The next critical moment happened in the following year. In the Spring, I made my first aggressive move towards France, moving into Piedmont and Tyrrhenian Sea. Robert had an army in Burgundy and his closest fleet was in Irish Sea. I tried to sell it as a defensive move, but I don’t think Robert was buying what I was selling.
"You know I’m just going to bounce you and build a fleet, right?", Robert quipped.
"Yeah, I know. I can’t decide if I want to force you to build the fleet or let your army walk in there," I said.
"Well, it’s really up to you at this point."
I thought about it for a minute or two. Marseilles was across the stalemate line. I either needed that, or I needed St. Pete. There were no less than five Russian and English units surrounding St. Pete. That was going to be a tough nut to crack. I decided to give it a shot and ordered Pie-Mar. Worst case, I figured I have F GoL and A Pie with more fleets coming soon. France gets a build and pops down a fleet, but it could be worse. I think Robert outguessed himself here though as, instead of ordering Bur-Mar, he ordered Bur-Gas. He took a gamble that I wasn’t going to pull the trigger JUST yet. I however had decided I had to pull it now. My time was running short and I needed Marseilles.
Once I had Marseilles, the rest of it was fairly methodical. Randy and Robert tried to rally Jonathan to stop me. If they’d been successful, he probably might have at least slowed me down enough. However, Jonathan and Randy were so frustrated with each other, Jonathan convoyed Livonia to Finland as a last small stab. I walked into Moscow and Warsaw in the Fall to finish off the win. Jonathan could have bounced me in Moscow, but at that point, with me sitting on 15, it was a forced solo. However, unbeknownst to us, Graham had earlier decided to call the final round at 3:45pm. I walked into Moscow at about 3:30. I’m not sure if we have a chance to finish the game and if not, I don’t solo if Jonathan had decided to bounce me.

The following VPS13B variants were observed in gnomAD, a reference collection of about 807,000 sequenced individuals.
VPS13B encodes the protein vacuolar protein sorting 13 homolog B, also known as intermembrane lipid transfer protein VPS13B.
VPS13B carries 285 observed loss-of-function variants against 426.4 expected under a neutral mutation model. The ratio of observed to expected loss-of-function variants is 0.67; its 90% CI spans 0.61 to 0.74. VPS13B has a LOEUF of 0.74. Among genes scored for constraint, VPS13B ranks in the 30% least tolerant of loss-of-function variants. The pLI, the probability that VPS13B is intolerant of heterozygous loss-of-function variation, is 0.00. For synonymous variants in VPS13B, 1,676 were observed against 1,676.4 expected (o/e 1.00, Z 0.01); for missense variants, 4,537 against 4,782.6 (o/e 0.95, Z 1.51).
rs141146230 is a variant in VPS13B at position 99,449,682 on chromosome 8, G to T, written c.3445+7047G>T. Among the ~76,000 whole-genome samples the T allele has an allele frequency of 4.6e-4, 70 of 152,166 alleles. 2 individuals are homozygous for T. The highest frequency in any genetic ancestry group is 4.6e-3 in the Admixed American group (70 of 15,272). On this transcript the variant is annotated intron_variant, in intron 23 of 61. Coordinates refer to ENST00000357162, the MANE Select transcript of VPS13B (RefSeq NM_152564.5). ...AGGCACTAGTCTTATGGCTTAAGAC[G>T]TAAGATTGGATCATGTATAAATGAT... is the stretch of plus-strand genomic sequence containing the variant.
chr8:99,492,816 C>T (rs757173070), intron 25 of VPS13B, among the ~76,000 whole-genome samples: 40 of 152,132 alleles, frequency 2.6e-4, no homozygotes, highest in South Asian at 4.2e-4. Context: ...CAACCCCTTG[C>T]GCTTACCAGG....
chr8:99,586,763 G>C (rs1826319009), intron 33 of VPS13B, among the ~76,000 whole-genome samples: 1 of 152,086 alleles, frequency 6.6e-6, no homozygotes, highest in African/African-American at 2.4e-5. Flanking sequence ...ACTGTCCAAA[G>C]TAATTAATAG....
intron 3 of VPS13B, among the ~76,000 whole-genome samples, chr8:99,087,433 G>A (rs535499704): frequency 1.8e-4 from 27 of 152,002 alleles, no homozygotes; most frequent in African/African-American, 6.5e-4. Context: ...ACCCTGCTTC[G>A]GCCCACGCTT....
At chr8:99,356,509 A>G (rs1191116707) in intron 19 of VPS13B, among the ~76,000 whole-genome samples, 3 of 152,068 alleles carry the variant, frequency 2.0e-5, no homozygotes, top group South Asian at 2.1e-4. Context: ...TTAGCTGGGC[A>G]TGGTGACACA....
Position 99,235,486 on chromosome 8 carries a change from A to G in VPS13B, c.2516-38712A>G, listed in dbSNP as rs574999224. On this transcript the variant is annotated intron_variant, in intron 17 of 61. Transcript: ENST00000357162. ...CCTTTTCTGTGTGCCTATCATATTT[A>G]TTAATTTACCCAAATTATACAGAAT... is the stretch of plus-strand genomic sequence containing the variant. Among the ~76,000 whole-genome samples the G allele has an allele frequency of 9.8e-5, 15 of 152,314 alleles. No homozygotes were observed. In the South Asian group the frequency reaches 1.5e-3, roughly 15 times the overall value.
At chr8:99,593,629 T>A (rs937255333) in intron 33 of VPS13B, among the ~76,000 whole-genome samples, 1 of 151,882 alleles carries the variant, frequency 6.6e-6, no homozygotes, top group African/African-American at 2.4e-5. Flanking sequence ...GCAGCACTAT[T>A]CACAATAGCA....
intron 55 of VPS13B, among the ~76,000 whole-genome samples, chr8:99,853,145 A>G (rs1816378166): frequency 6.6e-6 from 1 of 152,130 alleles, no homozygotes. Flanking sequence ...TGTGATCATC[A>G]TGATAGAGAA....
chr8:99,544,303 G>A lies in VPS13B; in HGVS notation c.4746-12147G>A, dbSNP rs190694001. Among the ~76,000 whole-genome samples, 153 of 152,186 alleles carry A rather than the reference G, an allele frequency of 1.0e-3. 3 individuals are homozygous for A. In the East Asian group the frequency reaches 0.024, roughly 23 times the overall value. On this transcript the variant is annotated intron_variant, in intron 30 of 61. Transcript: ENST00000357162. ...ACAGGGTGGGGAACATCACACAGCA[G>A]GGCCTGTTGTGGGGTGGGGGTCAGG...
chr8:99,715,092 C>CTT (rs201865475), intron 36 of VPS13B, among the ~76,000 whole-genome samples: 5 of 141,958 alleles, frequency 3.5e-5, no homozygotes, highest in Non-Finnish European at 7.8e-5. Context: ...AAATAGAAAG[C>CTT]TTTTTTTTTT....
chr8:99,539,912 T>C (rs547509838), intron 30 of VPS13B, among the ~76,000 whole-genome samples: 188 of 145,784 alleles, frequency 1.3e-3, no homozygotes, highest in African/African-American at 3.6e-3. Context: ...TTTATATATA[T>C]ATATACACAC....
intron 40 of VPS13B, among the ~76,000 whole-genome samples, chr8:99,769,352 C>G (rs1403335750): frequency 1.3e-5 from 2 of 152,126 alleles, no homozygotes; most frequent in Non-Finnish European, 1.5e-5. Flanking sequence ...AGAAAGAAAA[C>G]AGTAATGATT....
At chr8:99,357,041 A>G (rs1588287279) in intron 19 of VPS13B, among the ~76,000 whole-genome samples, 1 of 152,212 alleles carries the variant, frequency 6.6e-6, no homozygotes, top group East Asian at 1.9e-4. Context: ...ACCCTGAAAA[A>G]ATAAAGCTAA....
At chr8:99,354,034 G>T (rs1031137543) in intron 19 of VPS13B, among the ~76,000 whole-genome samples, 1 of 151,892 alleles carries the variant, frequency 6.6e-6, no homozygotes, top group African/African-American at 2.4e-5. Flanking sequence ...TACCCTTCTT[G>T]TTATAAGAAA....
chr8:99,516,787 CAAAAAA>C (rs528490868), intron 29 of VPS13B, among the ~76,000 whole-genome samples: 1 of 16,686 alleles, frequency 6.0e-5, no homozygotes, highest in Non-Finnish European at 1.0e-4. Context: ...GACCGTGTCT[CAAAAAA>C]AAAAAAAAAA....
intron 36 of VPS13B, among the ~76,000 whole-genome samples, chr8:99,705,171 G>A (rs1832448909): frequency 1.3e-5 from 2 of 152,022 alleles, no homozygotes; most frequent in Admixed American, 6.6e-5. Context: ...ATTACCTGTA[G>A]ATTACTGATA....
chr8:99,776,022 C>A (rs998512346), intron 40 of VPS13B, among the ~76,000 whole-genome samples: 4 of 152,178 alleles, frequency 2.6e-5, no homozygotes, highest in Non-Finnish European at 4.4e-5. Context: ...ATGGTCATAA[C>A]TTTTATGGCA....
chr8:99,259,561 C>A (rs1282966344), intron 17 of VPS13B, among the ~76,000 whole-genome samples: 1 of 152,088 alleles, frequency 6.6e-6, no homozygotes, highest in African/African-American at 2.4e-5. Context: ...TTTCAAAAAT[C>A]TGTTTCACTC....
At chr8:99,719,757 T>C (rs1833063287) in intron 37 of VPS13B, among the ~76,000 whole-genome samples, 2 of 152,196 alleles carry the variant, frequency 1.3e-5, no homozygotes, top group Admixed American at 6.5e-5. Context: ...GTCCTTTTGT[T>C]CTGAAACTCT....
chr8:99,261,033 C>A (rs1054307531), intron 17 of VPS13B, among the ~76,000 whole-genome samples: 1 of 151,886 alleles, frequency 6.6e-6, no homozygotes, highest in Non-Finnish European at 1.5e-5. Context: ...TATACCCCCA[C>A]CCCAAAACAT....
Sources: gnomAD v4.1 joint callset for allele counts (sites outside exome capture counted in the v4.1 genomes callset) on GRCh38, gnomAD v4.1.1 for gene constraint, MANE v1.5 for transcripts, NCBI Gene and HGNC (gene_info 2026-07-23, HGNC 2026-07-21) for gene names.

I walked the score sheet up to Graham at 3:41pm. He looked at me and said, "you had four minutes before the game ended." Talk about cutting it close.
Most people had to head out on Sunday afternoon after the awards ceremony, but for those of us who stuck around that night, it was another fun evening of relaxing, hanging out and surprisingly, breaking out into melodious (almost) singing. Jim O’Kelley’s talents were sorely, sorely missed as Graham broke out the guitar and he, Dave Maletsky and myself led the group in some raucous renditions of greats like American Pie, Cecilia, Brown Eyed Girl and many, many more. American Pie definitely had to be the best one and had the entire group of 20+ people belting out "So bye, bye Ms. American Pie, drove my chevy to the levy but the levy was dry…" over and over. I was actually shocked how many people knew so many of the lyrics. By about verse #9 and 7 minutes into the song though, the will to live was seeping out of the room. It was a valiant effort though by all.